As a parent, there’s so much to read up on, but there’s also a lot of misinformation out there. Make sure you have your facts straight when it comes to these common beliefs on childcare. By Georgina Guedes
Juice is healthy for children
A nice big glass of orange juice used to be part of a child’s healthy breakfast – but fruit juices contain a high amount of sugar and not enough fibre to slow down sugar’s absorption. The best thing for your toddler to drink is water.
Supplement feeding with cereal to get your baby to sleep through the night
A sleep-starved mother will try anything when baby isn’t sleeping through the night, including adding a little cereal to their child’s bottle. In reality, a baby’s digestive system isn’t ready for solid foods (even if they are mixed into a liquid) until between four and six months of age, and providing them too early can lead to gagging, choking and even food allergies. Unfortunately, there’s no magic fix for sleepless nights.
Walkers help babies to learn to walk
Although your baby will almost certainly enjoy the mobility that comes with a walking ring, the American Academy of Pediatrics doesn’t recommend this piece of baby equipment. In a walker, your baby will learn to walk on tiptoe, which causes tight heel and leg muscles, and could delay sitting and crawling, adds US paediatrician Dr David Geller. Your baby will also be able to get around easily, which prevents him from doing the “work” he needs to do to get moving on his own.
Don’t let your baby stand on your lap
Doctors used to advise against letting your baby stand or bounce on your lap, because it could cause her to become bow-legged. Dr Kristen Stuppy, a paediatrician in the US, says that your baby’s legs are quite resilient, and standing supported on your lap can help her leg muscles to develop in the right way – as long as she is comfortable and enjoying it.
Teething causes terrible fevers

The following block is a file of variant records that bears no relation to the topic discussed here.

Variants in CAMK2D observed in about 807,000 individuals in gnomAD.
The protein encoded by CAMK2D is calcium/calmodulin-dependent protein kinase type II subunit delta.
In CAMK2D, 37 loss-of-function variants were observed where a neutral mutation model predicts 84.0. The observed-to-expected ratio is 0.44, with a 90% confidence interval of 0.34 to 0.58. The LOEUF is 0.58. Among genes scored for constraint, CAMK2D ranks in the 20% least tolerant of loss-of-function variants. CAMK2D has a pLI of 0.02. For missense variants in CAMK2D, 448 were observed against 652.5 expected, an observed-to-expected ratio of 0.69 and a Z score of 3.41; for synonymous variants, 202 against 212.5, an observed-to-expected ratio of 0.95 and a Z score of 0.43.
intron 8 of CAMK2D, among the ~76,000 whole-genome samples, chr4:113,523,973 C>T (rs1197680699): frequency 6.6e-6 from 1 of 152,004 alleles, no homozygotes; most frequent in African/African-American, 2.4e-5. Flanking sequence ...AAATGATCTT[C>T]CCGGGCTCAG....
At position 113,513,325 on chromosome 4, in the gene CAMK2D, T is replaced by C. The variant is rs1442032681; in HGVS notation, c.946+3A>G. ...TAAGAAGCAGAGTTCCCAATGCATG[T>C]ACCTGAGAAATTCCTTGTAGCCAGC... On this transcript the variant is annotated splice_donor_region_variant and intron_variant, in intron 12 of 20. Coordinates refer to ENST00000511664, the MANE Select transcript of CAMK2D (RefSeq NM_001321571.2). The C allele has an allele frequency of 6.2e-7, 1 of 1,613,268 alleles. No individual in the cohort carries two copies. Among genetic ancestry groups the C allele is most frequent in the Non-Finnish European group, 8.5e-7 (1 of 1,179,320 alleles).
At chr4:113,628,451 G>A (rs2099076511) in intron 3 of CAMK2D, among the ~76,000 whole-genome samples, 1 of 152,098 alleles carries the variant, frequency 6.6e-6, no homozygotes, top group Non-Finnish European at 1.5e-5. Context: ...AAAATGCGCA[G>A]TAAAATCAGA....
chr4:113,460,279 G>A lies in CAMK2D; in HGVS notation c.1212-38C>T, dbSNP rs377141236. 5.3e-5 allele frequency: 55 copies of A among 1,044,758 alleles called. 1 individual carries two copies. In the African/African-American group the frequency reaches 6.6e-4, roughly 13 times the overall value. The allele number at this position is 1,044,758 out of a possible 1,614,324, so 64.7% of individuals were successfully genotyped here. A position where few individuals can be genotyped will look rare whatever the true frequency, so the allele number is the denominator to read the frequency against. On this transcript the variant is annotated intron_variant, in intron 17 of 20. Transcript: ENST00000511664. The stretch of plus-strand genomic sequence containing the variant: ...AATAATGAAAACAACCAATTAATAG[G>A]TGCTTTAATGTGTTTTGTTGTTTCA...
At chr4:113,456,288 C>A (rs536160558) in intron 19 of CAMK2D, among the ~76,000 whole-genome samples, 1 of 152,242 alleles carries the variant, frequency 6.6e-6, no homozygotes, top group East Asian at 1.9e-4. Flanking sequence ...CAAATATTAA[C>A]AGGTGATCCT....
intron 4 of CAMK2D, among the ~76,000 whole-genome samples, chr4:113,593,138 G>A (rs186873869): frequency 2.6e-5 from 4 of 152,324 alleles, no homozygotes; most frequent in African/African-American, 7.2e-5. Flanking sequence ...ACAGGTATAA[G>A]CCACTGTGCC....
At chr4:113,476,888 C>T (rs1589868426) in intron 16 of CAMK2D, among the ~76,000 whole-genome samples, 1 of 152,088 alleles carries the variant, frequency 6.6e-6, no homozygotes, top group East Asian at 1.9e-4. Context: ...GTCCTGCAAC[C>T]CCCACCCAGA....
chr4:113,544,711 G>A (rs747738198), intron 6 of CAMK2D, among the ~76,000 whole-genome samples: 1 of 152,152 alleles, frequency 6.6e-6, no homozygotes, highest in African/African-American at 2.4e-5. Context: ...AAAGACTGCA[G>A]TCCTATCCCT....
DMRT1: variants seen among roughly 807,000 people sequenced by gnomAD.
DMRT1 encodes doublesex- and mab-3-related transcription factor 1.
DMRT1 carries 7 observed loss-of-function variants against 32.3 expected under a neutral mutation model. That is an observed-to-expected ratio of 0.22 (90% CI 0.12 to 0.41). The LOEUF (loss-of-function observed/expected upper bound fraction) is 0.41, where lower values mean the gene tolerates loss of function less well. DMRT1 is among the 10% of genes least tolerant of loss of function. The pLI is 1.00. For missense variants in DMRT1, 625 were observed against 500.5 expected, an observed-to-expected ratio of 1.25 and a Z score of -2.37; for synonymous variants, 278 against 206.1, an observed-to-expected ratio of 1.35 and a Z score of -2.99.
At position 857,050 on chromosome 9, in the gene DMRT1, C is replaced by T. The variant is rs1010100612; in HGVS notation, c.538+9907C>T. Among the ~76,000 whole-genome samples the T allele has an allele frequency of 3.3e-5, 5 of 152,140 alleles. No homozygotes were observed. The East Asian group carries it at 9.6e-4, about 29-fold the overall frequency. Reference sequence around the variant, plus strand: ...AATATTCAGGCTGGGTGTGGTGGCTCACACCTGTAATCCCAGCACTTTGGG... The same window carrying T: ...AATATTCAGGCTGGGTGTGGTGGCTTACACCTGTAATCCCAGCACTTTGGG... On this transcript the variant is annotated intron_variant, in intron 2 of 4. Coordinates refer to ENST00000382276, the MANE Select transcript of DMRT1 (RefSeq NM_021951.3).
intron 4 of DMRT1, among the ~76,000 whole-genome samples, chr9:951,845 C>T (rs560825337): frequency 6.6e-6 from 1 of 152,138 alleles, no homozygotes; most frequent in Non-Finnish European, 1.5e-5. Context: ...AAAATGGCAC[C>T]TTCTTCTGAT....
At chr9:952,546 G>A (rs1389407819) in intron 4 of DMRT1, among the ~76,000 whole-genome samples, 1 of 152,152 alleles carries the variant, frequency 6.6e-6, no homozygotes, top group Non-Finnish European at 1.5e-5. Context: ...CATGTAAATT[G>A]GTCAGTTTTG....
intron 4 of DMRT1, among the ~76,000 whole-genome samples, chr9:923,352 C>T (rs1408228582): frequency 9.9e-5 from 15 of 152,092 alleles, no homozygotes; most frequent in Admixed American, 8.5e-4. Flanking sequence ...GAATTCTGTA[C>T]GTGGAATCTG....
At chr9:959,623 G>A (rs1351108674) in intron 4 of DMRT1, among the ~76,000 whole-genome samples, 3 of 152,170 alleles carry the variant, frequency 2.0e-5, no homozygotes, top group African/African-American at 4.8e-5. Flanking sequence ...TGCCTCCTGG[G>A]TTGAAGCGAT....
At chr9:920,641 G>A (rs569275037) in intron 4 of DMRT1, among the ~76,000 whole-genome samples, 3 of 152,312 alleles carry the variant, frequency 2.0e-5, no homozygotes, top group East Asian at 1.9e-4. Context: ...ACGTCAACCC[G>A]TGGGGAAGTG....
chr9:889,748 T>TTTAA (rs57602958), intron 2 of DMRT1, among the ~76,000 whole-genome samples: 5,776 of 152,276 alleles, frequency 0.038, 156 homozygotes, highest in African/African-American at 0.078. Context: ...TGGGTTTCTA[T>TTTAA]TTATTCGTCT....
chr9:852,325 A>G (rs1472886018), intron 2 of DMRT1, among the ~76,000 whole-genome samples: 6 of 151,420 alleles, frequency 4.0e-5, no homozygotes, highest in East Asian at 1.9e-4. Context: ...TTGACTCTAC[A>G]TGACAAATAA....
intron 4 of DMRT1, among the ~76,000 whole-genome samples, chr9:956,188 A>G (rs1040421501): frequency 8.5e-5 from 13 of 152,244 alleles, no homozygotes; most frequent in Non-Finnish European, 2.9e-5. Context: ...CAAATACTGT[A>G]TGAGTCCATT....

Anyone who has struggled through the night with a baby crying from inflamed gums knows that teething is no joke. However, while many healthcare professionals used to blame all kinds of ailments on incoming teeth, new analysis by the journal Pediatrics says that teething can’t cause significantly high fevers (although it can still cause mild instances). Don’t overlook a true ailment because your child may be teething.
Cold weather gives children colds
While no one’s suggesting that you take your baby out with no blanket when it’s freezing, there’s no conclusive evidence of the connection between cold weather and colds. You and your baby can get ill when you come into contact with other people who are sick. This happens more in winter because we tend to be indoors and in closer proximity. But the cold weather itself is not making anyone sick.
Put your baby to sleep on his tummy
Doctors used to advise putting babies to sleep on their tummies so that if they were sick while sleeping, they wouldn’t choke. In fact, it seems that babies are no more likely to choke on their back than on their front, but sleeping on their front increases the incidence of SIDS significantly, according to a study published in Pediatrics. Researchers believe this may be because of pressure on the baby’s diaphragm or he is forced to rebreathe exhaled air, which is low in oxygen. So be sure to put your baby to sleep on his back – but if he’s old enough to roll over on his own, then don’t worry about it anymore.
Bath your baby daily
Babies are not by their nature particularly dirty, unless there’s been some kind of an accident, so there’s no need to bath a baby daily – especially not a tiny infant who’s not enjoying the experience. Wiping hands, feet, bum, face and underarms with a warm, damp facecloth once a day is all that’s necessary to keep a baby clean. However, if your baby loves bathing and you want to establish a routine, there’s no harm in a bath every day – as long as you’re not using soap that will dry out her delicate skin.
Xanet is an award-winning journalist and Living and Loving’s digital editor. She has won numerous awards for her health and wellness articles and was a finalist for the Discovery Journalist of the Year in 2009 and again in 2011 for the Discovery Best Health Consumer Reporting and Feature Writing category. She is responsible for our online presence across social media channels and makes sure our moms have fresh and interesting articles to read every day. Learn more about Xanet Scheepers.